Folk Art of the Twenty-First Century

by Lisa Simon

"The German origin of the work ‘folk’, or volk suggests ‘of the people’. The term "Folk Art" can be applied in the broadest sense: it’s art of or by the people."

The American Visionary Art Museum -

Folk art is a broad term that has historically been defined by its existence outside of what is generally considered "fine art." Traditionally, several key elements characterize Folk Art: hand-me-down and self-taught techniques, recycled/everyday materials, and a strong regional influence. Despite these parameters, contemporary Folk Art has proliferated to become associated with a whole family of related genres such as Naive, Primitive, Outsider (such as Jean Dubuffet’s Art Brut), and Visionary Art; all of which can plausibly house Folk Art within their context. The term is enigmatic at best in that the nature of Folk Art and the Folk Artist defies the demarcation of categorical boundaries.

The question now is "What constitutes a Folk Artist?" Many "traditional" Folk Artists have become savvy to the business of selling art in a gallery setting. Meanwhile, many "professional artists" and college-educated individuals find themselves drawn into the counter-commercial influence of the Folk/Outsider ideal. How can an art form traditionally defined by its existence outside of the art market/education system live within this paradox of isolation and recognition? John Maizels defines American Folk Art as an extension of early Colonial craft traditions. "[Folk Art’s] makers are fully aware that they are producing art and they will do what they can sell." (Raw Creation, P. 114) How does this definition set Folk Art apart from other art movements? The truth is that any recognized handiwork will become a commodity and thus Folk Art’s monetary value or commercial viability must be left out of the defining equation.

In addition, the media generally associated with Folk has been rapidly expanding with the advancement of technology, communication, educational standards, and cultural exposure to other heritages, techniques, and philosophies. Computer generated imagery, video, and mechanized works have all found a home in the niche, reflecting America’s progression into a technologically adept environment. The materials at hand in everyday life have expanded to include electronic gadgetry and digital tools. The landscape itself reflects this development. Rural lifestyles are making way for a more urbanized environment. Our isolation has been replaced with an expanded worldview due to the rapid proliferation and availability of information.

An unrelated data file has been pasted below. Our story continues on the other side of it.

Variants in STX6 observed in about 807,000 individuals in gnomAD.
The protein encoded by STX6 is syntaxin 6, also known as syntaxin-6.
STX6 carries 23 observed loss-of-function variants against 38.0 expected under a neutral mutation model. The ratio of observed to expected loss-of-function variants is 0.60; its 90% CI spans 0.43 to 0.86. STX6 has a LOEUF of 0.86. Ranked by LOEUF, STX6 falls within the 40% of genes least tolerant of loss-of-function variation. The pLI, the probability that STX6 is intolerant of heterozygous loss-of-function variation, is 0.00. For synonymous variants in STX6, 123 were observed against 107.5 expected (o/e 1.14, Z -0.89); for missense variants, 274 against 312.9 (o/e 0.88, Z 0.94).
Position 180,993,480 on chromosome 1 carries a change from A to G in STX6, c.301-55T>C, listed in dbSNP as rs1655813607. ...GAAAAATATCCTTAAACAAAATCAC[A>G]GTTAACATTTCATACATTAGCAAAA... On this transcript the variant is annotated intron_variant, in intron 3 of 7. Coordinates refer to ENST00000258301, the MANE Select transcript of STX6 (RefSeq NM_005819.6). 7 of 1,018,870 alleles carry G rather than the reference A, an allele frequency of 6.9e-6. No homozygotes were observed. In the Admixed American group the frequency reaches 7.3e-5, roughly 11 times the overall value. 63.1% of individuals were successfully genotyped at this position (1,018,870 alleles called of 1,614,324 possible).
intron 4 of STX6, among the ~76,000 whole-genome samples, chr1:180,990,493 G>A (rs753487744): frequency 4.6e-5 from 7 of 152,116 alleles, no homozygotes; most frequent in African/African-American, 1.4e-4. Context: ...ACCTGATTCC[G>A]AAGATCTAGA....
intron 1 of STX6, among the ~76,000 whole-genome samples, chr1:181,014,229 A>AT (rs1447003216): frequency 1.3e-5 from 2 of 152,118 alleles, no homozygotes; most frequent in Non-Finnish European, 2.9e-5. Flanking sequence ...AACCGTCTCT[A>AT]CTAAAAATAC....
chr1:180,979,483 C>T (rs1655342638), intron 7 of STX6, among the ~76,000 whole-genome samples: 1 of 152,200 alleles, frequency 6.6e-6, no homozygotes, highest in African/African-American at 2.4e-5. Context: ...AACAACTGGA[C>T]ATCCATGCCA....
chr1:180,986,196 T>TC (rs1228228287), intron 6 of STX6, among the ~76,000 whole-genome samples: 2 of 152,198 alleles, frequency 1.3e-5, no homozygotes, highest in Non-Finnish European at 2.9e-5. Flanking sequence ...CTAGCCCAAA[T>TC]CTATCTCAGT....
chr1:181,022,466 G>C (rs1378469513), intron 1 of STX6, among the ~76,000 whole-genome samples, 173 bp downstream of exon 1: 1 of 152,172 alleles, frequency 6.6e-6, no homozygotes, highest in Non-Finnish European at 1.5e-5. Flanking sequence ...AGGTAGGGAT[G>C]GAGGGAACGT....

This exhibit is an examination of the Folk principle in its transition. The artists all have different backgrounds, different artistic tenets, and different reasons for creating; but they all can be considered as Folk Artists to one degree or another. Minnie Adkins and Hazel Kinney create what would be considered more traditional Folk Art. They are self-taught and reflect their rural environments in their spirited creations. Scott Scarboro has studied art academically but he has also been extremely influenced by Folk’s non-academic, do-it-yourself attitude. His recycled and kinetic creations find a natural home within the Folk Art aesthetic. Harold Mitchell "the Junk Genius" does not even recognize himself as an artist, which falls squarely into the Outsider Artist territory.

Out of respect for the broad character and personalized nature of the Folk term, we have asked each participating artist to supply us with their own definition. Each person found a different way to explain the Folk Art form, but the connecting thread remains an aspect of self-instruction and a soulful dedication to expression. The truth is that Folk Art is not like a typical movement that has its own particular time frame, geographical location, and cast of characters. Folk is a world-wide phenomena of, as Andrea Rodriguez plainly puts it, making "art from the heart."

There are many artists who do not embrace the Folk term due to stereotypical connotations associated with the label. It is inaccurately assumed that Folk Artists must be rural, uneducated, and naïve. Folk Art is not a set of laws one must adhere to in order to lay claim to the name; it is a cultural phenomenon that constantly reinvents itself to reflect the society that is birthing it.

Lisa Simon, March, 2002